Consider whether you really need to get a replacement card. Knowing your number is what’s important, after all. You’ll rarely need the card itself — perhaps only when you get a new job and have to show it to your employer. If you really must replace your card, go to www.socialsecurity.gov/ssnumber before visiting your local Social Security office.
The first step is to learn what documents you need. The Social Security Administration requires a U.S. driver’s license, a state issued non-driver identification card, or a U.S. passport to prove your identity. Sometimes you may also need to prove your current U.S. citizenship or lawful noncitizen status with a birth certificate or passport.
All documents must be either originals or copies certified by the issuing agency. The Social Security office won’t accept photocopies or notarized copies of documents. They also can’t accept a receipt showing you applied for the document.
Once you’re clear on what documents you’ll need, the second step is to print and fill out the Application for a Social Security Card. Finally, the third step is to bring or mail your application and original documents to a Social Security office. Then, the online process will take you to a screen where you can find the address of your local office.
In some areas, you can request a replacement Social Security card using your online my Social Security account if you meet certain requirements. Simply access your account and follow the instructions to replace your Social Security card. It’s safe, convenient and secure.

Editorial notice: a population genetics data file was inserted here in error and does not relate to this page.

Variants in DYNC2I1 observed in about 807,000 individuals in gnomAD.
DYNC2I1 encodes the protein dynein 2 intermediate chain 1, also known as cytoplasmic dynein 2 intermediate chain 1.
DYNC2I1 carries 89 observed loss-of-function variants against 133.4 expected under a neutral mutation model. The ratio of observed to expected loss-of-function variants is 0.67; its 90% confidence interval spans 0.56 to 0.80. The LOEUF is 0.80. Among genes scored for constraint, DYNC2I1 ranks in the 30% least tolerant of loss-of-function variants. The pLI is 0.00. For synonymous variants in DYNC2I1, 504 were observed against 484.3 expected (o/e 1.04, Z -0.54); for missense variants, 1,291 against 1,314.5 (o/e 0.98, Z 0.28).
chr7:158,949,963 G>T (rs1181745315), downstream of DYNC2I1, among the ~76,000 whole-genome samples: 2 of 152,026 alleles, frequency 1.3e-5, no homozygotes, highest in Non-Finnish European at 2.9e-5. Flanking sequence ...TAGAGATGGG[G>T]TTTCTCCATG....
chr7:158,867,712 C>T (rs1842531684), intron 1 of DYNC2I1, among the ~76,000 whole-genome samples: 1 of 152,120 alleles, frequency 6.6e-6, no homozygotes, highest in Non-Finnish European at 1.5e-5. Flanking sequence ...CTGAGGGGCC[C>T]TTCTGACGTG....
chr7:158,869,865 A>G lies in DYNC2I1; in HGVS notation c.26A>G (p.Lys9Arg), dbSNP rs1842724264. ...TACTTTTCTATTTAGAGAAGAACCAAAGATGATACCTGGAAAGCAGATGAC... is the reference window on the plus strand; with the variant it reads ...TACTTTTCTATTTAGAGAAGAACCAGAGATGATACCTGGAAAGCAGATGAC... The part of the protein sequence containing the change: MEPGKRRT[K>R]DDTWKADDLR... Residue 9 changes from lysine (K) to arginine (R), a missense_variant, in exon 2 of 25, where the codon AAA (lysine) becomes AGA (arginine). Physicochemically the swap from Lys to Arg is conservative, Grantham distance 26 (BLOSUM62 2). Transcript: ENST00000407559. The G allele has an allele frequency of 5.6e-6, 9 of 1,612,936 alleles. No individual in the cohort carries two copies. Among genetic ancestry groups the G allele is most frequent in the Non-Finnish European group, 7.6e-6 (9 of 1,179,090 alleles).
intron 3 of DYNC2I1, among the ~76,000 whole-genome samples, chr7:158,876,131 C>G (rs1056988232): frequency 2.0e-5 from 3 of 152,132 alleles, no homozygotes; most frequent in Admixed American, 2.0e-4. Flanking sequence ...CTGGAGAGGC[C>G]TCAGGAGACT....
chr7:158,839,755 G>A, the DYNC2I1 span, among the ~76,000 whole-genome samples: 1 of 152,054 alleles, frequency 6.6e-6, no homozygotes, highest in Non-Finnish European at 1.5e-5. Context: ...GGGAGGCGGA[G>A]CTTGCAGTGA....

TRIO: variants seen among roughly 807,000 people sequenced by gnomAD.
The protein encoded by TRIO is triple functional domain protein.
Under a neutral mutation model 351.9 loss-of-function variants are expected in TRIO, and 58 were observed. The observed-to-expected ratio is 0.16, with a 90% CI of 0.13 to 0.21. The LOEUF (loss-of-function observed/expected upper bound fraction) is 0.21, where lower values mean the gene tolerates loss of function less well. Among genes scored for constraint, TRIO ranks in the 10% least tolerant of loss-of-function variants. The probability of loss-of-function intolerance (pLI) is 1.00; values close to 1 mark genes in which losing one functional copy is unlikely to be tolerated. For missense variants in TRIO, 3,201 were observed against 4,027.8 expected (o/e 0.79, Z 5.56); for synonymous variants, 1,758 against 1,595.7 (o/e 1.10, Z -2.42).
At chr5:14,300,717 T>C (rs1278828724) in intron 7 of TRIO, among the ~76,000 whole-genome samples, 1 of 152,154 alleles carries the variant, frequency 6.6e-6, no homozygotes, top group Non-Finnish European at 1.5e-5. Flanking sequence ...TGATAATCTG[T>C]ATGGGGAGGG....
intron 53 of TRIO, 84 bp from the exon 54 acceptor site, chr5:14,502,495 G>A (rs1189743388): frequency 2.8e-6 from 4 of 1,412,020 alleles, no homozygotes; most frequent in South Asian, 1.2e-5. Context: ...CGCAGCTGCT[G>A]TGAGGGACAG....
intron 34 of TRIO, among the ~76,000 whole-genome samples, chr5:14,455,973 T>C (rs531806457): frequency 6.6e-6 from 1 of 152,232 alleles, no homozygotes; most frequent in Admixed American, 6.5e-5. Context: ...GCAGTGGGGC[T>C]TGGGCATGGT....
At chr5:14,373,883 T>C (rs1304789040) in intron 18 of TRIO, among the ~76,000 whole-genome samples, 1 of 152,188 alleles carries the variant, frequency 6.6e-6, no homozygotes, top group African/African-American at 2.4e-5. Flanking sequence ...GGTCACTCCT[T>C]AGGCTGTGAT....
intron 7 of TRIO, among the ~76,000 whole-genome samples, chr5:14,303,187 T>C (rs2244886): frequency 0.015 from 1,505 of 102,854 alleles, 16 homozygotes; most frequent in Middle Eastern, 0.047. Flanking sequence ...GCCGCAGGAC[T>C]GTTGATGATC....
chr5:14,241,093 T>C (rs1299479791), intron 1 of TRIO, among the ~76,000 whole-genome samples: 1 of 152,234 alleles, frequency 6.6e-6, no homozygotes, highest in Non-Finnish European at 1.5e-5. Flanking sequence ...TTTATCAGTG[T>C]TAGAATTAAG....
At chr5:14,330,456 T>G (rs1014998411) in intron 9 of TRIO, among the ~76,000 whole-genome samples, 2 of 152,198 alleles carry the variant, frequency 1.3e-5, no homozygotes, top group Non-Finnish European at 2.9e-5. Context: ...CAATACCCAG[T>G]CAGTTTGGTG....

You can replace your Social Security card for free if it’s lost or stolen. Avoid service providers who charge you a fee to get your replacement card. You’re limited to three replacement cards in a year, and 10 during your lifetime. Legal name changes and other exceptions don’t count toward these limits. Changes in immigration status that require card updates may not count toward these limits. Also, you aren’t affected by these limits if you can prove you need the card to prevent a significant hardship.
The Social Security office will mail your card as soon as all of your information has been verified. Your replacement card will have the same name and number as your previous card.
For more information, go to:
- Ask students if anyone has lost his/her Social Security card. If so, did they replace it? Why or why not?
- Under what circumstances should you replace your lost Social Security card? Explain.
- What steps must be taken to replace a Social Security card?
- Why must all documents be original to be submitted to Social Security?